|Institution:||University of California – Irvine|
|Keywords:||Neurosciences; brain connectivity; computational modeling; network analysis; neurology; spinocerebellar ataxia type 6; stroke|
|Full text PDF:||http://www.escholarship.org/uc/item/78p5463x|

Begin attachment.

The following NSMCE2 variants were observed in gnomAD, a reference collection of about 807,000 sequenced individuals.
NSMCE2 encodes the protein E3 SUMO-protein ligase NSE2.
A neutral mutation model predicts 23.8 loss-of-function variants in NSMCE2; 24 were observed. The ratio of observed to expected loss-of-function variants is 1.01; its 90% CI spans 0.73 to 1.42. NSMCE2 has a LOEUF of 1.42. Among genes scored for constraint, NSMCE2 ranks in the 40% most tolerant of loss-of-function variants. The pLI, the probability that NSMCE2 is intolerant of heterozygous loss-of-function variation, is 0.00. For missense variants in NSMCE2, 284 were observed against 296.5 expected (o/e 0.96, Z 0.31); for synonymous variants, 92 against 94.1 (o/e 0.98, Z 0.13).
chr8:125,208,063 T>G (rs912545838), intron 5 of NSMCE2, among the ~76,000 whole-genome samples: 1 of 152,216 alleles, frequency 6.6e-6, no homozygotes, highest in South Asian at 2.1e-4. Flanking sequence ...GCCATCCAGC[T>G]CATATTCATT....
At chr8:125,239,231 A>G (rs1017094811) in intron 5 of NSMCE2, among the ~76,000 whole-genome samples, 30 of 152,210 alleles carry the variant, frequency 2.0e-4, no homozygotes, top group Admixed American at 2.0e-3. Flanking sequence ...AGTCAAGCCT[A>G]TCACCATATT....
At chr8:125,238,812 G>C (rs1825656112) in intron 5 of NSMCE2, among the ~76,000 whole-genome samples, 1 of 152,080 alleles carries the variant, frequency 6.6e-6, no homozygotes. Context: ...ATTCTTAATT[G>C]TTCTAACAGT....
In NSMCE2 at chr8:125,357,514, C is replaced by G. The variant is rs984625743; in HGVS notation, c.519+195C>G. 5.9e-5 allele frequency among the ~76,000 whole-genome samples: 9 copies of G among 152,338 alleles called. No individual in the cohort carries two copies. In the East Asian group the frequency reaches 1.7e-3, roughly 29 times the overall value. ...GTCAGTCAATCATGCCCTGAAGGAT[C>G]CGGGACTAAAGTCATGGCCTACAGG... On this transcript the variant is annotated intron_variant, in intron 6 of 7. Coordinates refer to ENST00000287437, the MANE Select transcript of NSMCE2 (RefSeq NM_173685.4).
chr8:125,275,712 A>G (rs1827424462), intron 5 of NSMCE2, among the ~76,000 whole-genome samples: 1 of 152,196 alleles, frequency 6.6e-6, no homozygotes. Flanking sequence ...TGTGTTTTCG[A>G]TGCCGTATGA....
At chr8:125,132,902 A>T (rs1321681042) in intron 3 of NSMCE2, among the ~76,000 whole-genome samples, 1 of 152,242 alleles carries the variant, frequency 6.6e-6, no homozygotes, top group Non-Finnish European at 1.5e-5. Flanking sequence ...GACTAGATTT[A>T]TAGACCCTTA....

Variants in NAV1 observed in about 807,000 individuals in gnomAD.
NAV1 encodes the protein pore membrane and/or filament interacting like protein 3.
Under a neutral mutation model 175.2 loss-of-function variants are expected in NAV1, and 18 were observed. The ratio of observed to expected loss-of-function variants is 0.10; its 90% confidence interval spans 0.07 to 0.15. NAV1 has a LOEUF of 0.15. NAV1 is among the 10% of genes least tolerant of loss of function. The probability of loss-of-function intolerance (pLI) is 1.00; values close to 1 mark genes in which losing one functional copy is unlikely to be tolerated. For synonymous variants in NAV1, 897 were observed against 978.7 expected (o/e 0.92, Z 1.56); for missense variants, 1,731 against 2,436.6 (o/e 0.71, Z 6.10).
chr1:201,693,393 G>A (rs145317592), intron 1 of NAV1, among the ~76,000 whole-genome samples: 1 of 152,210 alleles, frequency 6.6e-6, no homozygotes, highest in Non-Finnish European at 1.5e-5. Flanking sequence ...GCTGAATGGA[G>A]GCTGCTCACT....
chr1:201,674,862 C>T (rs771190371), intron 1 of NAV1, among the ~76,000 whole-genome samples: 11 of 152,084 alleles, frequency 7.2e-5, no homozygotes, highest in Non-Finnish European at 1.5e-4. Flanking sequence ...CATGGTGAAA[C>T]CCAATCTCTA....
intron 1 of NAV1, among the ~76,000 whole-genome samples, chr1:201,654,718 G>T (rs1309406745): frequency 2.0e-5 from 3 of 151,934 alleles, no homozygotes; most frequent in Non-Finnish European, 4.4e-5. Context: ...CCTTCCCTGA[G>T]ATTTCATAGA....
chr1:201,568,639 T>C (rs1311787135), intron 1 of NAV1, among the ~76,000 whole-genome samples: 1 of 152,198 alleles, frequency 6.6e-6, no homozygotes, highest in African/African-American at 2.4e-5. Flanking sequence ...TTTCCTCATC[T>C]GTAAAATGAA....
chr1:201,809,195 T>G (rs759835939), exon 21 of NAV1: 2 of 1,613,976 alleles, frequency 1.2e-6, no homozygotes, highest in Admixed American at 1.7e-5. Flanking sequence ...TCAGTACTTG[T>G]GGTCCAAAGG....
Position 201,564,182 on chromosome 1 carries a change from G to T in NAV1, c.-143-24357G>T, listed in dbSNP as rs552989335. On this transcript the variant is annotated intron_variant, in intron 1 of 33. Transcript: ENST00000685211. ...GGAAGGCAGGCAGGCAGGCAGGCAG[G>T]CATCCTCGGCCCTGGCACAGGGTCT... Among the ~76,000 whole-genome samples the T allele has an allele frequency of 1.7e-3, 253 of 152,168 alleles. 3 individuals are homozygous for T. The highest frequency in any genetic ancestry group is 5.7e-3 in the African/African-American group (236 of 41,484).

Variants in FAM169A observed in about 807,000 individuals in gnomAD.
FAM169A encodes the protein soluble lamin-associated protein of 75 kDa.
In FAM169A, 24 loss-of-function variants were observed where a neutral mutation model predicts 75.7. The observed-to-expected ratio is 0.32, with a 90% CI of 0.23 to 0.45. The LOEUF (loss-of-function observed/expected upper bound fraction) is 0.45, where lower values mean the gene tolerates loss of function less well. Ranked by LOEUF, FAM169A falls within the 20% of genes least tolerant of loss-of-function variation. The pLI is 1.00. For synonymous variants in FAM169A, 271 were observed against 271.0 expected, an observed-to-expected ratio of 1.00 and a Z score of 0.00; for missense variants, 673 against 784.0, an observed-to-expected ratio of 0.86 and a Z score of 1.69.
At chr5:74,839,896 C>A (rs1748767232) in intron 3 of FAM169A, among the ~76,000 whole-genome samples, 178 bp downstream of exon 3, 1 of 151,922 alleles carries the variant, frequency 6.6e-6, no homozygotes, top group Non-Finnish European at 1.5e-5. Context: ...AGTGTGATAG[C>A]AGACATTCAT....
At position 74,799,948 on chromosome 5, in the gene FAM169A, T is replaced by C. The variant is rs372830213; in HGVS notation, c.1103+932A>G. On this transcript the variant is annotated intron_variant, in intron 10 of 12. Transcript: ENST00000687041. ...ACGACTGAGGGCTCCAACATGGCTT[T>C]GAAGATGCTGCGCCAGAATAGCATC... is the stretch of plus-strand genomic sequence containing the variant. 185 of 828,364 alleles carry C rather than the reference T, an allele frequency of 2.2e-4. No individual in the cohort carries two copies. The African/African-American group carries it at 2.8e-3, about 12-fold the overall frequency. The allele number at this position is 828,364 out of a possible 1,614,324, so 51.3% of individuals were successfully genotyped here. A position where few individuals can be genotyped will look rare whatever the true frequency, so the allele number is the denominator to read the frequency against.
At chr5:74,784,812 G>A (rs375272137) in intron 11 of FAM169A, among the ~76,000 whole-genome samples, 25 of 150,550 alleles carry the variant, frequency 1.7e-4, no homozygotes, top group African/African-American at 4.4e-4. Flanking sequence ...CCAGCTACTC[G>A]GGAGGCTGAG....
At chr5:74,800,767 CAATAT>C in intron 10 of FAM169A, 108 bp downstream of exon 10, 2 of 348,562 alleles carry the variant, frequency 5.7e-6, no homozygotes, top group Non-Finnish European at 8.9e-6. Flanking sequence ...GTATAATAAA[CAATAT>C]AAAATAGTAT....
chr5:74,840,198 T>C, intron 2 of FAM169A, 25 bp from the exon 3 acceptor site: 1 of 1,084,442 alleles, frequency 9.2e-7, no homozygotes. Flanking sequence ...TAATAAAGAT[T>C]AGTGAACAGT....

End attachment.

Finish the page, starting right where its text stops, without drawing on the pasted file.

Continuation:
Identifying biomarkers of brain disease is a crucial goal of neurological care as it could translate into improved diagnoses and targeting of individualized treatments. Such biomarkers at the cellular and molecular level are difficult to detect directly in humans with current imaging methods, precluding the identification of true biomarkers of disease. Recent advancements in network analyses and computational modeling have enabled novel ways to identify biophysical parameters in imaging data. The studies in this dissertation explored these methods using two models of neurological disease: Spinocerebellar Ataxia Type 6 (SCA6), a neurodegenerative disease, in which biomarkers can help determine pre-symptomatic changes, and stroke, in which biomarkers can be used to predict long-term recovery. The general objective was to examine physiological mechanisms subjacent to individualized clinical phenotype in SCA6 and stroke, to get closer to developing concrete cures. In Chapter 1, a combination of structural equation modeling, DTI, and functional activation maps were used to detect functional and structural brain changes at different stages of severity of SCA6. An increase in cerebellar activation as well as increased connectivity between cerebellum and cerebral cortex in pre-symptomatic patients was found. A concomitant structural change was seen in the cerebral and cerebellar peduncles. These results showed the sensitivity of using network analysis in detecting brain alterations prior to symptom onset in a degenerative disease. However, these changes seen were at a network level with no ties to the underlying physiology, limiting them from being true biomarkers of SCA6. Therefore, Chapters 4-7 used a novel modeling application, The Virtual Brain, to model brain dynamics associated with stroke using models dependent on the structural brain connectivity of individuals, plus local physiological parameters. Results showed that compared to controls, individuals with stroke showed differences in several physiological parameters indicating a hyper-excitable brain state. This hyper-excitable state was associated with poor motor recovery. Manually normalizing the identified parameters in stroke cases led to a normalization of brain activity, indicating the promise of these parameters in acting as biomarkers for stroke recovery, and the utility of The Virtual Brain in furthering the goal of individualized medicine. These studies in stroke comprise some of the first forays into a new type of brain analysis, in which multiple scales are explored to bridge the brain dynamics and global level connectivity changes associated with neurologic disease with their underlying mechanistic underpinnings in individuals. In summary, the results from the studies comprising this dissertation hopefully provide evidence that novel network analyses and advances in computational modeling can herald a new era of biomarker exploration to pave the way for individualized medicine.